National Geographic : 1936 Jun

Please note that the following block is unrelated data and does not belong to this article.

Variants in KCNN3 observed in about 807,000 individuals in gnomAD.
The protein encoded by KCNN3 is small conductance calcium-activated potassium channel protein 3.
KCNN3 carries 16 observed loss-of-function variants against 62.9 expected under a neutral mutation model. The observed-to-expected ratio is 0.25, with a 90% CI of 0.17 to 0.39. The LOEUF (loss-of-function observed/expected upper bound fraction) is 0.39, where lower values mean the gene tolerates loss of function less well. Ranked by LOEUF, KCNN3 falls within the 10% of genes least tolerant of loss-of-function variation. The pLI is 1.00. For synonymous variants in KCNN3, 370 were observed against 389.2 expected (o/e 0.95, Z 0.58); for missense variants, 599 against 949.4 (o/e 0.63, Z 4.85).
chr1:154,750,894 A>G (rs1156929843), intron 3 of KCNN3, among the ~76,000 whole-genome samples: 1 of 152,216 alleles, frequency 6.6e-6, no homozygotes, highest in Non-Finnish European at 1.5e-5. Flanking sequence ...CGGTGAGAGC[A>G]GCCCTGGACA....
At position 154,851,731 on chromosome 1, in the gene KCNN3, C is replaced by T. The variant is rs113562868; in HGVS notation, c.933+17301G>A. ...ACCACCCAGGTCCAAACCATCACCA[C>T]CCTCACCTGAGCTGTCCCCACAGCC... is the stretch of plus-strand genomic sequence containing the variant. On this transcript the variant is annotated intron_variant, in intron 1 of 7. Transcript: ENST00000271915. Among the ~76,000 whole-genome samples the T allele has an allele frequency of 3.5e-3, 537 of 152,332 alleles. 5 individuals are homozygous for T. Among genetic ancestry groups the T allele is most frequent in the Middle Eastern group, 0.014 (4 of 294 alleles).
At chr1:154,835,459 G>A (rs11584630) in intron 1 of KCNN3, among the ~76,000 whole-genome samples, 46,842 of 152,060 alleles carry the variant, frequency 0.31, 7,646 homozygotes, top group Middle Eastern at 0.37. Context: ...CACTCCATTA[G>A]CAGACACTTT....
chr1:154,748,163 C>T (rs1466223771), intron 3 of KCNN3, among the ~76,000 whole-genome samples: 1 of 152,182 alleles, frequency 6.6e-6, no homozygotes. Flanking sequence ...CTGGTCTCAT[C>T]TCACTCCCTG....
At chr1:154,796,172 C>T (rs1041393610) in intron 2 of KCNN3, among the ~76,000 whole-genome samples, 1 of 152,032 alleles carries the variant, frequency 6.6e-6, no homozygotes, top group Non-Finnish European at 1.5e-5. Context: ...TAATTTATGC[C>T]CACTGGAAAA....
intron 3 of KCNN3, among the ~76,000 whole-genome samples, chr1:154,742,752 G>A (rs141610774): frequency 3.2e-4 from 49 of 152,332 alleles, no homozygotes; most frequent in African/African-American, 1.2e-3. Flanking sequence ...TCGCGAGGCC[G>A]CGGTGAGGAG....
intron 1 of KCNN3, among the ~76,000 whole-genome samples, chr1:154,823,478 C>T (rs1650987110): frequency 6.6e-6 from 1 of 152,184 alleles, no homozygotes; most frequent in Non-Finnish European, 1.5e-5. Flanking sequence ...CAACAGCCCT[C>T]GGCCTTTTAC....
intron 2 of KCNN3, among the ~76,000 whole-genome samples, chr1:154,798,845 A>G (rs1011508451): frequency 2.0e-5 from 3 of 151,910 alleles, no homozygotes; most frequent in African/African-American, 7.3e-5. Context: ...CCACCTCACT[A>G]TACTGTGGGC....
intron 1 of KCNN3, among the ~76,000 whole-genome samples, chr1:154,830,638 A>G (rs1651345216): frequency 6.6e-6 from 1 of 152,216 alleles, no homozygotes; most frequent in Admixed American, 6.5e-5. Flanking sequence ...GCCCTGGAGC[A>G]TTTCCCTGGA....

THE NATIONAL GEOGRAPHIC MAGAZINE following us. Logan had disappeared and Hubbard was almost hidden by evil-look ing black masses wrapped about its lofty summit. That night Bob Bates, Randall, and I had a serious conference. To cross the Saint Elias Range was one thing. To map it, photograph it, and still cross it, was another. To establish our upper base soon enough to complete our job before the June thaws meant either more dogs or further assistance from the plane. RANDALL PILOTS THE "FLYING FREIGHT" On our flight that day we had made one discovery-that Bob Randall was an amaz ing pilot. Bates and I put our problem up to him, pointing out that any airplane which had flown us three all day at 16,000 feet should have no trouble taking off on a limitless wind-packed landing field at only 5,000 feet-the supposed altitude of the glacier fork. The next day, working beneath leaden skies on instructions marked upon one of the pictures we had developed at Carcross, Randall flew two loads of our equipment from the lower camp to the fork, landing them exactly where we wished. As the clouds rolled up Lake Bennett and we real ized that we were again trapped by storms, we were elated at having saved the men at the base many days of heart-breaking work. While the base campers toiled steadily, freighting supplies up the 20 miles of glacier which separated them from the air plane cache at the forks, Bates and I sat restlessly in Carcross, storm after storm preventing us from making our last, short photographic flight. When it did clear once, a take-off on the rough ice shattered a vital part of the motor mount on the Fairchild and meant the loss of three golden days of cloudless weather, welding and repairing the plane unsheltered on the surface of the lake. My finger tips still feel numb with cold as I recall screwing and unscrewing the windshield bolts to permit the tip of the acetylene torch to reach the cracked sec tions of tubing. No sooner was the airplane in flying shape than another storm came screaming in from the coast, and it was not until the twenty-second, nearly two weeks after our last trip to the glacier, that the clouds broke again. The weather was not yet good enough to make our last photographic flight. The barometer had suddenly started down again, as the sky cleared on the evening of the twenty-first, and we realized that we must make an attempt to get in to the glacier with the last load of dog food. We had hoped to combine the two flights, taking the pictures after leaving 600 pounds of cornmeal and beef tallow for the dogs at camp, but we could not postpone the food a minute longer. The last dog food at camp had, we figured, already been eaten one day before and the dogs would be fast making a tremendous hole in our cereal and butter supply. As we warmed up the plane shortly after daybreak, ominous storm-caps were forming on the hills all about Carcross and a thick, frosty mist hung over the lake. Only Bob Randall and I went on the flight. We hoped against hope that the other men had been able to push their way through to the airplane cache at the forks. If the weather broke, we might even help them up with a last load or two from their lower camp. Circling low over town after a quick take off, we climbed steeply westward toward the mountains. The clouds tossed in somber, leaden banks to the west and south. A blustering northerly wind blew huge twisters of powdery snow off the peaks passing be neath us. Now and then, flying at 10,000 feet, we soared over patches of threatening mist. Higher clouds rose ahead in dense banks, and we climbed to 12,000 feet to clear their shimmering crests. An hour and a half out of Carcross a tiny gap in the mists showed ahead, just east of the towering mass of Mount Hubbard. Our glacier lay below us, a broad silver streak with sickly gray cloud shadows scudding swiftly across it. We cut the motor and started down in wide circles. The lower camp was nowhere to be seen. All about where it had been were endless banks of fresh, untrodden snow, burying any vestige of a trail. One tiny black dot, half covered by the immense drifts, might possibly be a lone tent. We could not tell. NEW CAMP FOUND THROUGH A HOLE IN THE CLOUDS Speeding on up the valley, we circled over the upper cache eighteen miles farther on. There to our joy stood the new camp, nestled cozily beneath the cliffs at the left side of the great ice barrier that separates the upper from the lower half of the glacier.